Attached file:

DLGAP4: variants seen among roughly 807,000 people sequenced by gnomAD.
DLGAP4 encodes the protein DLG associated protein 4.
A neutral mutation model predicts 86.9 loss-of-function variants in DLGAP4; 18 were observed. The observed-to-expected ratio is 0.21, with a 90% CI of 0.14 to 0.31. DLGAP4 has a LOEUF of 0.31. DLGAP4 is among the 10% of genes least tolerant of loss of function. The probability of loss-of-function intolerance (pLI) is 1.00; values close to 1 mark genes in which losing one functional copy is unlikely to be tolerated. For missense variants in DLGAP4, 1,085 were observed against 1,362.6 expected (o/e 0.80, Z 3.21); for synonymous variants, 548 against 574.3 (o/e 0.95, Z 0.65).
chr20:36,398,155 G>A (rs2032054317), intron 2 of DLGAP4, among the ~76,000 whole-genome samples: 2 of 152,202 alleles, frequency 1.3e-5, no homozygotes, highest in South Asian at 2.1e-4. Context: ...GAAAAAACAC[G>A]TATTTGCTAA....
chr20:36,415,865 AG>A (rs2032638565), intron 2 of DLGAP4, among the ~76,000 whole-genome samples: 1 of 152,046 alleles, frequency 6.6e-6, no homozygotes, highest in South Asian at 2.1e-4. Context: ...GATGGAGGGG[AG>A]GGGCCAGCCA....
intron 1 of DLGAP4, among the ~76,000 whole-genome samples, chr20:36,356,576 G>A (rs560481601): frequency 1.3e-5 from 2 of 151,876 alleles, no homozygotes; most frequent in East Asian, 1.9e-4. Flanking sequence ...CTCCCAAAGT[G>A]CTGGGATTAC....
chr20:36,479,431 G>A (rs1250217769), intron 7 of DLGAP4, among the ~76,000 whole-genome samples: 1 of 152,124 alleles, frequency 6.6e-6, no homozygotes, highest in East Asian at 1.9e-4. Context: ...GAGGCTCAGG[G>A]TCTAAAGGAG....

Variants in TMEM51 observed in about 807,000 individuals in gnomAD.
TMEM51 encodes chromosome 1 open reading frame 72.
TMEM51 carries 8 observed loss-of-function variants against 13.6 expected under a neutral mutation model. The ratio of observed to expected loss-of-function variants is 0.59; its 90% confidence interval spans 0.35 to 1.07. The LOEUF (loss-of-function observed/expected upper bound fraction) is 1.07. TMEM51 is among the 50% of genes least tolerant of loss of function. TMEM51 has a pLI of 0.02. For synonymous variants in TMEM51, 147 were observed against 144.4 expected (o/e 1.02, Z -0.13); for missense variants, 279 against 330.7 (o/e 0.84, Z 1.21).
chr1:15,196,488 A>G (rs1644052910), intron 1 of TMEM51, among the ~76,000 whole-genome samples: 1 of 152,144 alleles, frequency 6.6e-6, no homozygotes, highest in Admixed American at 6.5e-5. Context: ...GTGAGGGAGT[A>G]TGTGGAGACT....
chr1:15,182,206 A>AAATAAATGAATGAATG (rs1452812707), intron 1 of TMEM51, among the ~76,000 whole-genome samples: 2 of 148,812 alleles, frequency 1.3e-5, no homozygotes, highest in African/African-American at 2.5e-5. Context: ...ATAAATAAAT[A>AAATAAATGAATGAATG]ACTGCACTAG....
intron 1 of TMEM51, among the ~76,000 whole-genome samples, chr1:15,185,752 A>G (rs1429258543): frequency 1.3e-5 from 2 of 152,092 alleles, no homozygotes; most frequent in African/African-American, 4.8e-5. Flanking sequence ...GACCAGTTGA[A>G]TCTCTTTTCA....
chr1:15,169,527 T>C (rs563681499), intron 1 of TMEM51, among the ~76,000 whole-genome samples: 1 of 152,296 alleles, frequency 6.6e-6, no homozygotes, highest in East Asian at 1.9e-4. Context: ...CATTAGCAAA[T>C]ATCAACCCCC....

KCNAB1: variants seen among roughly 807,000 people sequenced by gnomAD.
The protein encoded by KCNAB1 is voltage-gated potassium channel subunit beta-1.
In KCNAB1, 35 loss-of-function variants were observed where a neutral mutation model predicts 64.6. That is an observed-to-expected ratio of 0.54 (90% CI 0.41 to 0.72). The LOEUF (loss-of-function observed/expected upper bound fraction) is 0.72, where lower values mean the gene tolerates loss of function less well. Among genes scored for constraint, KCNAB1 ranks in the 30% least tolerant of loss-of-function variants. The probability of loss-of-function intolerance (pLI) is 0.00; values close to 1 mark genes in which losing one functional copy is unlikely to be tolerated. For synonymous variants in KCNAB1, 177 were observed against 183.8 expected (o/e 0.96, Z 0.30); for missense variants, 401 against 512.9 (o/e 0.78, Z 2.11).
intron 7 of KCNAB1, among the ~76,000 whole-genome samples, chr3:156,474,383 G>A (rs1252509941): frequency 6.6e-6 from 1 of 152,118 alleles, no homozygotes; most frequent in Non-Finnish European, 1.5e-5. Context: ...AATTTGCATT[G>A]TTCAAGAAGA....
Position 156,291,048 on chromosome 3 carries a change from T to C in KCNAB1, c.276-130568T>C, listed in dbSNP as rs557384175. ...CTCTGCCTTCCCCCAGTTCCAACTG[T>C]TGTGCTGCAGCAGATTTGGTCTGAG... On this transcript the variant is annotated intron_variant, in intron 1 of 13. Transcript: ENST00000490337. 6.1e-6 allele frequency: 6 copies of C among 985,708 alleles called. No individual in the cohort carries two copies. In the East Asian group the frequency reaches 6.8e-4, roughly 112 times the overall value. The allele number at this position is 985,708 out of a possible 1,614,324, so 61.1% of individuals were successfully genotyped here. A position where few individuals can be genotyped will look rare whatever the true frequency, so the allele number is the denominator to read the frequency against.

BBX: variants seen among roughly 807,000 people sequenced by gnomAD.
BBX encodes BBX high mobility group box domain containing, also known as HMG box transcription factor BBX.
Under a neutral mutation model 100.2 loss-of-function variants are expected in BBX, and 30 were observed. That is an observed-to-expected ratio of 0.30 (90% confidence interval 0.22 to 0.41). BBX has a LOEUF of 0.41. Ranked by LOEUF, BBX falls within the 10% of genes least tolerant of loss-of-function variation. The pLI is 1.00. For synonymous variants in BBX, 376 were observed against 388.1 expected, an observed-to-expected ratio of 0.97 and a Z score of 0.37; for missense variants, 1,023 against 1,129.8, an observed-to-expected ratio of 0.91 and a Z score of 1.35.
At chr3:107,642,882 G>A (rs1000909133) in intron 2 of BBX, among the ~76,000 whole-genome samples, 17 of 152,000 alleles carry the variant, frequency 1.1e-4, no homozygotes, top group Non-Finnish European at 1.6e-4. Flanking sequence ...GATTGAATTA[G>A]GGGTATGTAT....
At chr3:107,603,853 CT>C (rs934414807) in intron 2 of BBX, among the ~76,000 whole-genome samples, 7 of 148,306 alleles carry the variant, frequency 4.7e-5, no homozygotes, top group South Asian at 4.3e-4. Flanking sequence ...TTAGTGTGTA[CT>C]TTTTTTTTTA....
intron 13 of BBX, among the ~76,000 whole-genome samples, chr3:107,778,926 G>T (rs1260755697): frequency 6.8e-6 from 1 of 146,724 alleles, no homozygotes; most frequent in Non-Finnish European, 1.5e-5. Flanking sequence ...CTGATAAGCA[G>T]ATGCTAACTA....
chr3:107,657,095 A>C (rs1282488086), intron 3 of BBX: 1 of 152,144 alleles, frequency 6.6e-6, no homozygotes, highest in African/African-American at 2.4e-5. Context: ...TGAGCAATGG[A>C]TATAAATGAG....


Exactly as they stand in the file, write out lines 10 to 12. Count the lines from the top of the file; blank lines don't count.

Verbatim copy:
TMEM51 carries 8 observed loss-of-function variants against 13.6 expected under a neutral mutation model. The ratio of observed to expected loss-of-function variants is 0.59; its 90% confidence interval spans 0.35 to 1.07. The LOEUF (loss-of-function observed/expected upper bound fraction) is 1.07. TMEM51 is among the 50% of genes least tolerant of loss of function. TMEM51 has a pLI of 0.02. For synonymous variants in TMEM51, 147 were observed against 144.4 expected (o/e 1.02, Z -0.13); for missense variants, 279 against 330.7 (o/e 0.84, Z 1.21).
chr1:15,196,488 A>G (rs1644052910), intron 1 of TMEM51, among the ~76,000 whole-genome samples: 1 of 152,144 alleles, frequency 6.6e-6, no homozygotes, highest in Admixed American at 6.5e-5. Context: ...GTGAGGGAGT[A>G]TGTGGAGACT....
chr1:15,182,206 A>AAATAAATGAATGAATG (rs1452812707), intron 1 of TMEM51, among the ~76,000 whole-genome samples: 2 of 148,812 alleles, frequency 1.3e-5, no homozygotes, highest in African/African-American at 2.5e-5. Context: ...ATAAATAAAT[A>AAATAAATGAATGAATG]ACTGCACTAG....